Composer: Ludwig van Beethoven
SPARS Code: DDD
Number of Discs: 87 CD boxset
Format: APE (image+cue)
Label: Deutsche Grammophon
Size: 22.7 GB
Vol.01 (CD01-05) – Symphonies
Vol.02 (CD06-10) – Concertos
Vol.03 (CD11-15) – Orchestral Works
Vol.04 (CD16-19) – Opera
Vol.05 (CD20-27) – Piano Sonatas
Vol.06 (CD28-35) – Piano Works (without Sonatas)
Vol.07 (CD36-39) – Violin Sonatas
Vol.08 (CD40-41) – Cello Sonatas
Vol.09 (CD42-46) – Piano Trios
Vol.10 (CD47-48) – String Trios
Vol.11 (CD49-51) – The Early Quartets
Vol.12 (CD52-53) – The Middle Quartets
Vol.13 (CD54-56) – The Late Quartets
Vol.14 (CD57-62) – Chamber Works
Vol.15 (CD63-64) – Wind Music
Vol.16 (CD65-67) – Lieder
Vol.17 (CD68-74) – Folksong Arrangements
Vol.18 (CD75-76) – Secular Vocal Works
Vol.19 (CD77-81) – Large Choral Works
Vol.20 (CD82-87) – Historic Recordings
Fantastic and Complete …
Normally, I would’ve taken a few months to go through this with a fine tooth comb and listen attentively to every detail before posting a review, but having picked out a few of the different pieces that I think most people are familiar with and paying attention, all my expectations were met.
In actuality … they were exceeded.
I spent the better part of the day listening to several of these discs on my Icemat Headphones and in my car and while at first, I was a little concerned about some of the sound qualities as there was variance between the recordings, with a little tinkering with my stereo equipment, everything worked out fine.
This `collection’ is exactly what it says it is and some of these discs actually register as other discs that you might be familiar with or already have in your collection. I placed several into my computer and the ID tags brought up the original album covers. I did compare one disc and found it to have the exact same recordings, so it’s no biggie. Just something to be aware of. It’s a complete collection of Beethoven, not a `previously unreleased set of recordings’ or an attempt of one studio with standard techniques presenting a collection, like a remaster. So don’t go into it with the wrong expectations. The liner notes do say that the recordings are between 1987 and 2007, and so far I haven’t found anything that would make that statement by the label inaccurate.
I’ve written a few Beethoven reviews before and as an amateur cellist, I’m in the group of listeners and casual participants who absolutely adore the “Ghost” Trio (Opus 70, 1 D major) above all else and have been a Beethoven fanatic most of my life. I’ve probably read the bulk of everything written and published that’s available within the English language, so I’m no slacker. Notice how I say `probably’ … I left myself some room.
I was incredibly moved listening to Dubravka Tomsic’s interpretation of Sonata 14, Op. 27, 2 C Sharp Minor – Sonata quasi una Fantasia, or rather `Moonlight’ for most of us. There’s always been a problem with that pesky notation on the sheet music “sempre PP e con sordini” and just how much a player wants to adhere to it. It seems tone-deaf academians typically like to ignore it, claiming the difference in the pianos and Beethoven’s hearing loss. From my estimation, most people play this piece as if it was written by Mozart and they play it with little pedal and much too fast. However, if you have appreciation for Bach and Chopin alike (especially Chopin), you’re most likely in the school of thought that will play the piece as the Maestro intended and that is with `heavy pedal’ as the instruction clearly states, and slowly, too.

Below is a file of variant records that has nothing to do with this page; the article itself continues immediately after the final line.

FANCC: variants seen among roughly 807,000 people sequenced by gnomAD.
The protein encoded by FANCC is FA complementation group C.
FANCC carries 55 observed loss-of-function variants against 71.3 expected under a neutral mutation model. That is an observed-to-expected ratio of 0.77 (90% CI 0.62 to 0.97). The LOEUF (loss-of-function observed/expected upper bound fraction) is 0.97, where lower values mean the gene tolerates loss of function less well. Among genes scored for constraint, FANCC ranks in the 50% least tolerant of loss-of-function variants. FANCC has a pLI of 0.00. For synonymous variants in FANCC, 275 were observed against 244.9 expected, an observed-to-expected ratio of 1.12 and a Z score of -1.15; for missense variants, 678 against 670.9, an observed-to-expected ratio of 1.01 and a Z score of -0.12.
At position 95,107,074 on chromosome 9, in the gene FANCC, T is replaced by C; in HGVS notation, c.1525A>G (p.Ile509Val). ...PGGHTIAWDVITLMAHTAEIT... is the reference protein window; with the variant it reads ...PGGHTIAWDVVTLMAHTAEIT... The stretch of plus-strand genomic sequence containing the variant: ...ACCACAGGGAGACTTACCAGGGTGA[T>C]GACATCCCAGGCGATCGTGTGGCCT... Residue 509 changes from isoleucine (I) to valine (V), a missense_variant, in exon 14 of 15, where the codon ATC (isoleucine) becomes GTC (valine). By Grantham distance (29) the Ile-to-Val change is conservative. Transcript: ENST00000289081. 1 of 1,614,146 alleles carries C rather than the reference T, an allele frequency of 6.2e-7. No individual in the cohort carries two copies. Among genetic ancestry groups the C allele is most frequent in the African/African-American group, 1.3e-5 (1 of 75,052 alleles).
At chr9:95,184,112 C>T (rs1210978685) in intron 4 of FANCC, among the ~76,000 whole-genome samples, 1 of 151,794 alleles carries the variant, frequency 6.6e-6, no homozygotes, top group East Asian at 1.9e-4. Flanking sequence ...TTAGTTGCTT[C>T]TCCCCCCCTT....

Hearing this earlier today was like listening to Glenn Gould play the Goldberg Variations for the very first time. You just knew deep down that they got it right. Dubravka’s performance here is masterful. It’s also no mistake that when you Google her name, you quickly discover that she plays everything with passion first. There’s nothing robotic here.
Listening to Egmont, Pathetique, the Archduke Trio and several others made me realize that having – everything – in one collection wasn’t a drawback at all, but an excellent resource and a very nice way to rediscover some of these masterpieces again for the first time — and without having some of the same worn out renditions shoved in your face either. If you collect classical music, then you already know how this is. You may recognize many of the performers on the sleeves on this collection, you may only recognize a few or even none, but (so far) all are worthy and capable. Every piece that I’ve listened to so far has been recorded with great care and is comes across clean and balanced. The sound quality will not let you down and you’ll be pleased putting this into your collection. Personally, I feel this is a great way to package this music and should’ve been done long ago.
The only drawback I can find is the lack of a worthy booklet to accompany this box set. While there is an index, which is also printed on the inside of the box, fifty pages of text wouldn’t have hurt anyone. Discovering the collection process by the label and the amount of work put into the entire process is worthy of praising and should’ve been included.
I’ve also heard that some folks don’t like the all-cardboard sleeves that fit each disc. Some say that the cardboard has a tendency to scratch the disc when taking it in and out. My only suggestion here is to remove the disc slowly and pinch the top and the bottom of the sleeve to facilitate its removal. I actually prefer this method of storage over a bulky jewel case any day.
This a great box set of the Maestro’s work and is a must own for anyone who adores Beethoven or wants to.